Why Your Attitude Matters in Sales

In this week’s Labcast, Kelley Robertson joins us to talk about the importance of having the right attitude in sales.


Labcast 69_ Why Your Attitude Matters in Sales

Kevin: Hello everyone and welcome to this edition of Labcast. I’m Kevin Cain and today we’re going to be talking about sales and the type of attitude you need to have to be successful in sales. I’m joined by Kelley Robertson this morning, and Kelley is a leading sales veteran as well as a president of the Robertson Training Group. Throughout his career Kelley has help thousands of professionals improve their business results with his engaging approach to sales training workshops and sales keynote speaking. He specializes in helping businesses increase their sales, develop better negotiation skills, and motivate their employees to create powerful work teams and deliver outstanding customer service. Kelley is also the author of two books – Stop, Ask and Listen: Proven Sales Techniques to Turn Browsers into Buyers and The Secrets of Power Selling – both of which provide practical insights and tips as well as techniques to improving sales results.

Kelley, thanks so much for joining us today.

Kelley: My pleasure. Thanks for inviting me.

Kevin: As I mentioned, what we really are going to be talking about today is what the right attitude is to have in sales. So my first question on those lines is why is important to have the right attitude and what specifically do you mean by that?

Kelley: Well, I go back to the days of Zig Ziglar when he said your attitude influences your altitude and how much you accomplish. That goes back 20, 30, 40, maybe even 50 years ago. And I still believe in sales today about having a positive, mental, winner’s attitude will definitely influence the results you get. I mean, sales is a pretty tough career. It’s becoming even more challenging, especially for people in the business to business world. It’s becoming more complex. It’s becoming more competitive and certainly a lot more challenging. So maintaining that positive, winner’s attitude can help you get over the barriers. It can help you get past those obstacles and hurdles that you face on a regular basis, and it can really help you achieve the goals that you are striving to accomplish.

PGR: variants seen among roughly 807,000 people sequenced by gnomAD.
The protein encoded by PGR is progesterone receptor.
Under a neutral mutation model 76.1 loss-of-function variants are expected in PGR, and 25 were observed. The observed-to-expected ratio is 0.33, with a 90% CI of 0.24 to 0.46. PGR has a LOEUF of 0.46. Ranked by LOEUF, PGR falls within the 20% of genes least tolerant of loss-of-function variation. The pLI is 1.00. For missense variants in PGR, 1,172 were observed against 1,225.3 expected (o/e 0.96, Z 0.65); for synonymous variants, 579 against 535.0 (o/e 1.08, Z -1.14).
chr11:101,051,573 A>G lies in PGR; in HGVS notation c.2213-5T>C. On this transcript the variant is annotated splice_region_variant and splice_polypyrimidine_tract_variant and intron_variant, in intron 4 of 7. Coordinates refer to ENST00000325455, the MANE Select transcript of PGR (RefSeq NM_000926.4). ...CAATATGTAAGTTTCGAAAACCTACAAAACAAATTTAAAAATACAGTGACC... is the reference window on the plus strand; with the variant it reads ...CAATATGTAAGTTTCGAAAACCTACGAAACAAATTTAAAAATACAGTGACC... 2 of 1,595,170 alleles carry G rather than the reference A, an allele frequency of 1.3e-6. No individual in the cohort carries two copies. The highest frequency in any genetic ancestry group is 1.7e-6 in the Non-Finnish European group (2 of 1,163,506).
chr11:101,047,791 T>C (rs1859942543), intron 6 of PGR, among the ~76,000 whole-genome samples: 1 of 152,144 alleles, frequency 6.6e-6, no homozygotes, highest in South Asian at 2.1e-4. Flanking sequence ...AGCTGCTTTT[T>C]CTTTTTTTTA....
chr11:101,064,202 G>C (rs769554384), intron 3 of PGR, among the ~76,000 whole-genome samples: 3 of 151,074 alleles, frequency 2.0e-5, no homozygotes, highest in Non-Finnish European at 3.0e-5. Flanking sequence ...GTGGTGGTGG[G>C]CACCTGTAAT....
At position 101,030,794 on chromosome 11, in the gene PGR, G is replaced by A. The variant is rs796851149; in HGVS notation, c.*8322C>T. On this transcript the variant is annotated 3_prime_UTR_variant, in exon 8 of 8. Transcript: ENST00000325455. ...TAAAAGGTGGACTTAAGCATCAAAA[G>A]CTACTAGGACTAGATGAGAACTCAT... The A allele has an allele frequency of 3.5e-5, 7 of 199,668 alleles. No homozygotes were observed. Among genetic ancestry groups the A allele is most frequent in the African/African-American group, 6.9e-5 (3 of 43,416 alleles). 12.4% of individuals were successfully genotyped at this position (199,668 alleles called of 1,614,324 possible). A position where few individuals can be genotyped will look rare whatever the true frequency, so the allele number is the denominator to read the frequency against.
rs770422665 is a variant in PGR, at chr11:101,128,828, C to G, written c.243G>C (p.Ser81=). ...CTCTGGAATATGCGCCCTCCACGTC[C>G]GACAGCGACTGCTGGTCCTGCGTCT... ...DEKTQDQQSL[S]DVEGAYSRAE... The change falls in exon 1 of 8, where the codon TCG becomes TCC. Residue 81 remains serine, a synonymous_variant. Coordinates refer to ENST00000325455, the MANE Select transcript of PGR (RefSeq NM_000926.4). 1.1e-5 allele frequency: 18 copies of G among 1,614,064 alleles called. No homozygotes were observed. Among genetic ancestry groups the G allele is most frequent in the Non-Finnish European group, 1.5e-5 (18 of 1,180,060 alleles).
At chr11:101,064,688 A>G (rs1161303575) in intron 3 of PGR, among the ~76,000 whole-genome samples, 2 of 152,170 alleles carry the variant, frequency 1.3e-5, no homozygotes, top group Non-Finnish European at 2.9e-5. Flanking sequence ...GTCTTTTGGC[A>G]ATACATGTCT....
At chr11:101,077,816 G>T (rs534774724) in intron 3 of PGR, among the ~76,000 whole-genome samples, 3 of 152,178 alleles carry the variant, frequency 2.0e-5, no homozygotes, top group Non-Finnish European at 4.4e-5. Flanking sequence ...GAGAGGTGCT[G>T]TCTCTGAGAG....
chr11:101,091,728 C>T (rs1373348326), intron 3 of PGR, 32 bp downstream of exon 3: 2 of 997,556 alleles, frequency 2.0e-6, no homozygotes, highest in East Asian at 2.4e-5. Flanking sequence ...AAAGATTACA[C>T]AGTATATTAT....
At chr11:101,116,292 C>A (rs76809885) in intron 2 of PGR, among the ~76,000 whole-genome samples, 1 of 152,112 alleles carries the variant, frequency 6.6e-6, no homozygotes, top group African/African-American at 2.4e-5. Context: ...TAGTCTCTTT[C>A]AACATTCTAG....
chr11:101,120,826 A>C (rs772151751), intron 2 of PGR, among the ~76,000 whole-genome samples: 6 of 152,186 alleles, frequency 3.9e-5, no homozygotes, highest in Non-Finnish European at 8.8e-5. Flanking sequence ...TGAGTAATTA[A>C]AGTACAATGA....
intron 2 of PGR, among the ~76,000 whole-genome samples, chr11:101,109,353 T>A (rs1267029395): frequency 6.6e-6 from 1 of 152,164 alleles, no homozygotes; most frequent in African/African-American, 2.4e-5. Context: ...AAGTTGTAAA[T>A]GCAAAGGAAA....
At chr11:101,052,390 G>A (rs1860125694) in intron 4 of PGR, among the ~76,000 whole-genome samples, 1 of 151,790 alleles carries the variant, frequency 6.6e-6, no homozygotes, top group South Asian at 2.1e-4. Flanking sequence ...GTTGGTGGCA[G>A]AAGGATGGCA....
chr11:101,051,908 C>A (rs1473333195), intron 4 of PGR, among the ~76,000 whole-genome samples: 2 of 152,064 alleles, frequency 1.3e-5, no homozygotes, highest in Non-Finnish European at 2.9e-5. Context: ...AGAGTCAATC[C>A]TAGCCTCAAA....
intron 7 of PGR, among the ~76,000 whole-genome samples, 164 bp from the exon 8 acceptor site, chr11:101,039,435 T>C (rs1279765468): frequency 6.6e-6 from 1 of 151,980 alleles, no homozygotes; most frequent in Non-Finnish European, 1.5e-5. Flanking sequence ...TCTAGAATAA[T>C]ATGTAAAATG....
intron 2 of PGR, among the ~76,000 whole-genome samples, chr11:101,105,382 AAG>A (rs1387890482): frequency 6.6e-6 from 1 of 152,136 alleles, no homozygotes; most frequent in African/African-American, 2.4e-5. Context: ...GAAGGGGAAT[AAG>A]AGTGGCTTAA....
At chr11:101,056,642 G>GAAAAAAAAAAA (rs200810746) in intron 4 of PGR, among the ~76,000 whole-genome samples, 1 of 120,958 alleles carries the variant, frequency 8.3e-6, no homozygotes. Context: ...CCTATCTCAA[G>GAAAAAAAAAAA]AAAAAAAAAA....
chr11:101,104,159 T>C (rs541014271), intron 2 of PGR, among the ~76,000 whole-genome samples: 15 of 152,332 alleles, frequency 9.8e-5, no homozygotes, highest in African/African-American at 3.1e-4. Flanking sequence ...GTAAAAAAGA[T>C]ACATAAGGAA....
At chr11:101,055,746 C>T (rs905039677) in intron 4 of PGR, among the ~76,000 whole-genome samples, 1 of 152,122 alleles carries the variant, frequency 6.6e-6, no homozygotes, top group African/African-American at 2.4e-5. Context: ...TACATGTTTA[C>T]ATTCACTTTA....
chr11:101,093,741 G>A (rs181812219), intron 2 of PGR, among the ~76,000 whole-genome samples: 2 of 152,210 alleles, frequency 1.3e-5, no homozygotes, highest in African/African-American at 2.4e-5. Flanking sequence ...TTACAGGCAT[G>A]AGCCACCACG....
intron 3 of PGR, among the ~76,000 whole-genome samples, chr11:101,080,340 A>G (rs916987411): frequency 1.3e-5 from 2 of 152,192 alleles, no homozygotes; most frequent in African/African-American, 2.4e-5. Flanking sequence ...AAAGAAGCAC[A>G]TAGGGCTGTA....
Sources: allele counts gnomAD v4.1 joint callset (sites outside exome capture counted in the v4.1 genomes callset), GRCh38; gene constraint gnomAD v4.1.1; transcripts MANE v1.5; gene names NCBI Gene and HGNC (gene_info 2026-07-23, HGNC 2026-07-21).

Kevin: Great. Is there anything more specific about how to achieve a winning attitude and what you would recommend for people to do and specifically how else that might help increase your sales?

Kelley: Sure. I think number one is to set really high goals for yourself. I find that what happens quite often in sales is sales reps wait for their boss or their manager to give them their quota for the quarter or the month or the year, and then they
gripe and complain that it’s too high or it’s not challenging enough. But what I have found is people who do really well in sales don’t wait for their company to set their own quotas. They go out and they set their quotas themselves. They set really high, challenging, motivating targets that inspire them to take action every single day. And what happens is, when you set them high targets, first of all it’s important to understand that there’s not a company in the world that says, “You know we have a really good year last year, so let’s just coast this year.” That just doesn’t happen. The shareholders are looking for more. The customers are looking for more. Clients are looking for more. So every year we have to produce more.

The sales performers, the salespeople who have that mental outlook that they run their own business within the company, they may sell a product or service for an organization, but the ones that do the best have that attitude that this is my business and I’m going to run this business to the best of my ability. They go into work every single day looking at how they can add value, not only to their customers but to the organization that they work for, and adding that value is a mental mindset that can help you increase your sales because you’re focused on what value can I bring to my employer, and how can I help my employer succeed? When you help your employer succeed, then you succeed as well.